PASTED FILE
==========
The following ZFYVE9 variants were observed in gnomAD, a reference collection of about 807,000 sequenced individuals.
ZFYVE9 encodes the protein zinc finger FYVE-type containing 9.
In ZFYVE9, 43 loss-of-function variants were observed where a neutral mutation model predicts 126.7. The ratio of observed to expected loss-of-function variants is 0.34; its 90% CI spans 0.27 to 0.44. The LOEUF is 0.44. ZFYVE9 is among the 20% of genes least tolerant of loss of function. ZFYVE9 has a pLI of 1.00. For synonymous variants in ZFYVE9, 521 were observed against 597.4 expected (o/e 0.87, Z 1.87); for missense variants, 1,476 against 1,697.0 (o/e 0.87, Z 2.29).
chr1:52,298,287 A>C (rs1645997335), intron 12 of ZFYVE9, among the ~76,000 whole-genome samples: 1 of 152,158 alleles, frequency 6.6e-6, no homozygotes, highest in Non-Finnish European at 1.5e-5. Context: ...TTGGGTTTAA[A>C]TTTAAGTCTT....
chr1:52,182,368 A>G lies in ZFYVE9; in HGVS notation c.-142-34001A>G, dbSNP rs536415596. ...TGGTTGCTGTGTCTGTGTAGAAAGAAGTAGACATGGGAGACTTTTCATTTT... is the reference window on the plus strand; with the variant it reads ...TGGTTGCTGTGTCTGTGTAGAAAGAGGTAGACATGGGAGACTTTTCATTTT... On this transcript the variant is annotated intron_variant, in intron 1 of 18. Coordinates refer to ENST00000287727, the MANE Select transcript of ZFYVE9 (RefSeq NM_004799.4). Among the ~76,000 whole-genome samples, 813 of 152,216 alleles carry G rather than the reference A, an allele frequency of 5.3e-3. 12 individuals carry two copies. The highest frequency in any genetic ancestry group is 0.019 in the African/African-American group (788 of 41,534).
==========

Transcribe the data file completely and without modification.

The following ZFYVE9 variants were observed in gnomAD, a reference collection of about 807,000 sequenced individuals.
ZFYVE9 encodes the protein zinc finger FYVE-type containing 9.
In ZFYVE9, 43 loss-of-function variants were observed where a neutral mutation model predicts 126.7. The ratio of observed to expected loss-of-function variants is 0.34; its 90% CI spans 0.27 to 0.44. The LOEUF is 0.44. ZFYVE9 is among the 20% of genes least tolerant of loss of function. ZFYVE9 has a pLI of 1.00. For synonymous variants in ZFYVE9, 521 were observed against 597.4 expected (o/e 0.87, Z 1.87); for missense variants, 1,476 against 1,697.0 (o/e 0.87, Z 2.29).
chr1:52,298,287 A>C (rs1645997335), intron 12 of ZFYVE9, among the ~76,000 whole-genome samples: 1 of 152,158 alleles, frequency 6.6e-6, no homozygotes, highest in Non-Finnish European at 1.5e-5. Context: ...TTGGGTTTAA[A>C]TTTAAGTCTT....
chr1:52,182,368 A>G lies in ZFYVE9; in HGVS notation c.-142-34001A>G, dbSNP rs536415596. ...TGGTTGCTGTGTCTGTGTAGAAAGAAGTAGACATGGGAGACTTTTCATTTT... is the reference window on the plus strand; with the variant it reads ...TGGTTGCTGTGTCTGTGTAGAAAGAGGTAGACATGGGAGACTTTTCATTTT... On this transcript the variant is annotated intron_variant, in intron 1 of 18. Coordinates refer to ENST00000287727, the MANE Select transcript of ZFYVE9 (RefSeq NM_004799.4). Among the ~76,000 whole-genome samples, 813 of 152,216 alleles carry G rather than the reference A, an allele frequency of 5.3e-3. 12 individuals carry two copies. The highest frequency in any genetic ancestry group is 0.019 in the African/African-American group (788 of 41,534).